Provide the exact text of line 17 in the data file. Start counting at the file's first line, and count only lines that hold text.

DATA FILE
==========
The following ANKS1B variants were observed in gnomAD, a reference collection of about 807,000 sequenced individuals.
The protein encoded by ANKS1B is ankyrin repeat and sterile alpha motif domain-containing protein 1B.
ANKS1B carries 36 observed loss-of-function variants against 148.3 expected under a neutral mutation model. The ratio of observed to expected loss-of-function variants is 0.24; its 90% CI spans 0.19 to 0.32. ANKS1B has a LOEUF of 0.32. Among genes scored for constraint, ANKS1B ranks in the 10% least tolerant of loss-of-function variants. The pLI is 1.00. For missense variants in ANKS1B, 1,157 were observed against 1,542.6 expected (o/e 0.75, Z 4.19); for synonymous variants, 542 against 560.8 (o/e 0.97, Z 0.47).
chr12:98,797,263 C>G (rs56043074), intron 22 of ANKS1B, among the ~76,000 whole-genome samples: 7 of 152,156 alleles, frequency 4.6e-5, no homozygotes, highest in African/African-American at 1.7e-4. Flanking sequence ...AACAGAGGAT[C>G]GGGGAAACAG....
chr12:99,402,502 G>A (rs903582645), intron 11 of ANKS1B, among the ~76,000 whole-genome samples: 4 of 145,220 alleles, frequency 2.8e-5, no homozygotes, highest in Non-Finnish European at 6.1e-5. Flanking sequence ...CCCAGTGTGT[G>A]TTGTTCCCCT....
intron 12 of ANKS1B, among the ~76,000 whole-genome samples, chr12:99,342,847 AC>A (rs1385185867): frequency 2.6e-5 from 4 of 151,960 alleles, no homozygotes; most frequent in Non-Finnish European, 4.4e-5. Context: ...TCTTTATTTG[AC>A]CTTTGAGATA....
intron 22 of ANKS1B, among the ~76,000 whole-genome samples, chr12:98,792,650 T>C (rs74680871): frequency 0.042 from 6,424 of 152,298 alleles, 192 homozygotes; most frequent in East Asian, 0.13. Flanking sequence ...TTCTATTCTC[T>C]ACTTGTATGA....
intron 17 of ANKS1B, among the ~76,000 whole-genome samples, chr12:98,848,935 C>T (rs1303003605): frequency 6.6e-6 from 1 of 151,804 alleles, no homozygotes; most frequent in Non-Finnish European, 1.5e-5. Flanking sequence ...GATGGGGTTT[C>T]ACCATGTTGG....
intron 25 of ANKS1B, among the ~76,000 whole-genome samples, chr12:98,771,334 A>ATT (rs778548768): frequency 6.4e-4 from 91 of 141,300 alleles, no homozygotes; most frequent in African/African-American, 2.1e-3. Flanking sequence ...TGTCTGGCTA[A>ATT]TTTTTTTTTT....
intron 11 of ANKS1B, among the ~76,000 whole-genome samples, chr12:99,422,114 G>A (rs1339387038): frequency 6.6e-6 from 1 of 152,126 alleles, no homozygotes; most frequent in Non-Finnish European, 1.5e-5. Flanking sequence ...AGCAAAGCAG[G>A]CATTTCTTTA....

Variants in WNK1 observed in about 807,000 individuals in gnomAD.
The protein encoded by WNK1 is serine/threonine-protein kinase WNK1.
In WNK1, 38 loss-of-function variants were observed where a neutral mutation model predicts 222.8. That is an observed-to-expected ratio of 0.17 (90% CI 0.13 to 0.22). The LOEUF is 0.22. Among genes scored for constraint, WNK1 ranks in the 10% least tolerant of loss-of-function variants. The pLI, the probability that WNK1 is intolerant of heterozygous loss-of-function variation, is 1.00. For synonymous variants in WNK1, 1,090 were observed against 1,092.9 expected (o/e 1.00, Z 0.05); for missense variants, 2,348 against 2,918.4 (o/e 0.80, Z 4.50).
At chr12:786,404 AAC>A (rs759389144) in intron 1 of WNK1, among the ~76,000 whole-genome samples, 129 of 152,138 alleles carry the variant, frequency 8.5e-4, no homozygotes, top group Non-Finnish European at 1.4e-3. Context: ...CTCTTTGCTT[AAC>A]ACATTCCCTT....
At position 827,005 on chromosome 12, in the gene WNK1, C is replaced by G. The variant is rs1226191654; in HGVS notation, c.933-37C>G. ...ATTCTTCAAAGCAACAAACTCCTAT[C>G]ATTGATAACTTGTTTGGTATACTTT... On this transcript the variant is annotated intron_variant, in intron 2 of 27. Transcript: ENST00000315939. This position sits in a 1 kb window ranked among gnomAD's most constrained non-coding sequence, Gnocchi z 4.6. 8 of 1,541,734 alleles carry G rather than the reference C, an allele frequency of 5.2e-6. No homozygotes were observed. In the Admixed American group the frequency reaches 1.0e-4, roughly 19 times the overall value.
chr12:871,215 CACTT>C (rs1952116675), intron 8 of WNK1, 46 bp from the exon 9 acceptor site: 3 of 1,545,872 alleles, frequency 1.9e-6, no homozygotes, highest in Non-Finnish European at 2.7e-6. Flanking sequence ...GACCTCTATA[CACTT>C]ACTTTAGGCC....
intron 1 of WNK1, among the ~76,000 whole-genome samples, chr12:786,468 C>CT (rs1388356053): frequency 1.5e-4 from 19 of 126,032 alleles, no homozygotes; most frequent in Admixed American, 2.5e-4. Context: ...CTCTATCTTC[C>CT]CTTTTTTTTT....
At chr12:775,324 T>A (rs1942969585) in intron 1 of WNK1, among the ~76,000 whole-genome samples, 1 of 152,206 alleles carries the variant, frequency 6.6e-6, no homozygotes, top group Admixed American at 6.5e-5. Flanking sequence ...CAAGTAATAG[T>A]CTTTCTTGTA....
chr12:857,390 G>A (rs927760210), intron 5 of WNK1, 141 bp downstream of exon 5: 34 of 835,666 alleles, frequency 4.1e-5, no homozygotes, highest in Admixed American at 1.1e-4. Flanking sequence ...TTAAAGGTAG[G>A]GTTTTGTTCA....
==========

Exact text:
intron 1 of WNK1, among the ~76,000 whole-genome samples, chr12:786,468 C>CT (rs1388356053): frequency 1.5e-4 from 19 of 126,032 alleles, no homozygotes; most frequent in Admixed American, 2.5e-4. Context: ...CTCTATCTTC[C>CT]CTTTTTTTTT....